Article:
You can create:
- A silly and profound library of non-commutative relationships
- Your own math operations
- Conjectures and theories about properties of your own math operations
Take any action or relation between two objects. Then switch the objects. Is it all the same? The picture above has a few examples. The book reads the boy. The underwear is above the pants. Pots grow from plants. These are all examples of non-commutative relationships, when switching objects means dramatically (or comically) different results.
Most relationships in this life are non-commutative. "Sally loves Harry" can be quite different from "Harry loves Sally," as people discover early in their lives. Do you wish our world were a bit more commutative? Collect some meaningful relation and action examples, maybe in a little essay or a comic book. You can share your creations with the study group. Can you find any commutative relations at all?
If you know formal math operations, you can check them out, too. Is 2+3 the same as 3+2? How about multiplication, division, subtraction, power? Even kids who don't know formal operations yet can switch numbers in their hands-on math situations. Is it the same thing if you divide two pies among six guests, or six pies between two guests? Again, you can collect the situations as they come up in a little "math diary" or a piece of paper on your fridge.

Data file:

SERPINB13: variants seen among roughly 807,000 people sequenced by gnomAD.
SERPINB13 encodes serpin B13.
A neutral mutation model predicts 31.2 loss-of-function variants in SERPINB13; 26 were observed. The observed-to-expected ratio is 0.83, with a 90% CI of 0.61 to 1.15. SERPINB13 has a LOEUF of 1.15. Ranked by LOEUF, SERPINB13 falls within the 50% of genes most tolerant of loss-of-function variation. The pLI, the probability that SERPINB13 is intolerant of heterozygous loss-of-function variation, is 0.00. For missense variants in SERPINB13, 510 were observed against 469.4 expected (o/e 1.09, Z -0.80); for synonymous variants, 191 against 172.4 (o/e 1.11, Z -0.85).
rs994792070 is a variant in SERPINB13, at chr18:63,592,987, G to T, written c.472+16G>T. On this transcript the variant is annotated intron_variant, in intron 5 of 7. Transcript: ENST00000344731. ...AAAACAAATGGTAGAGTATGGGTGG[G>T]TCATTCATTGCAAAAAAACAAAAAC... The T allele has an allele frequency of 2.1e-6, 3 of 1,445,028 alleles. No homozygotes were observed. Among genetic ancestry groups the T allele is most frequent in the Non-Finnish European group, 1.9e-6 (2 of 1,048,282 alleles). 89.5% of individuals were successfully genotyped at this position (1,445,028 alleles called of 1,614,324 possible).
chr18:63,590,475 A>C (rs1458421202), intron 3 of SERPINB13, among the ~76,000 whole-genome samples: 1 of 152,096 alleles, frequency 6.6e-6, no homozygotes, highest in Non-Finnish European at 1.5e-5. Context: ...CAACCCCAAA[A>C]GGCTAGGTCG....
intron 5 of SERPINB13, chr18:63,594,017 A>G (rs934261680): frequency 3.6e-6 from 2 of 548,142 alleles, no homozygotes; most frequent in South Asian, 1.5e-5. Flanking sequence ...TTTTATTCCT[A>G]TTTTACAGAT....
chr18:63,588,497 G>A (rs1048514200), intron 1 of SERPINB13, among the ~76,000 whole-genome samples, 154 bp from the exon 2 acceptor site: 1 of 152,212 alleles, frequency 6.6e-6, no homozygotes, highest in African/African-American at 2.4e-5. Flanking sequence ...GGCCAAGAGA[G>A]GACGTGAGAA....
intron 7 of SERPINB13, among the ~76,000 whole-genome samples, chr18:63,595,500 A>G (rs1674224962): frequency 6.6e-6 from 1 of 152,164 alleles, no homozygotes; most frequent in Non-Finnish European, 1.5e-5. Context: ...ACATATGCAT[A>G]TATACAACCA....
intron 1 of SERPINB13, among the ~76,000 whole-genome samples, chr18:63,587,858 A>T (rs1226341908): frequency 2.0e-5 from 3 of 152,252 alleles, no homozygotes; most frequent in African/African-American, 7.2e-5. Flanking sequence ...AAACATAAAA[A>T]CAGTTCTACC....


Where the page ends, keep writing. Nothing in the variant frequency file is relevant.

You can take turns making up your own math operations between two numbers that do not exist yet. For example, you can add two numbers and then multiply by your second number. Give your operation a name, and a symbol, and try figuring out how to write it down in a formula. I call my operation "snail" and it works like that: 3@5=(3+5)*5 You can exchange your operation creations, and check if they are commutative.
Because this activity has to do with real life drama and can be very poetic. It is also funny, good for beginners to advanced mathematicians, and handy for car trips.
Higher and deeper
- Commutativity plays a major role in abstract algebra and any algebra-related fields such as algebraic topology
- There are other properties you can explore in similar manner: transitivity and distribution property come to mind. Rock, paper, scissors is a non-transitive system!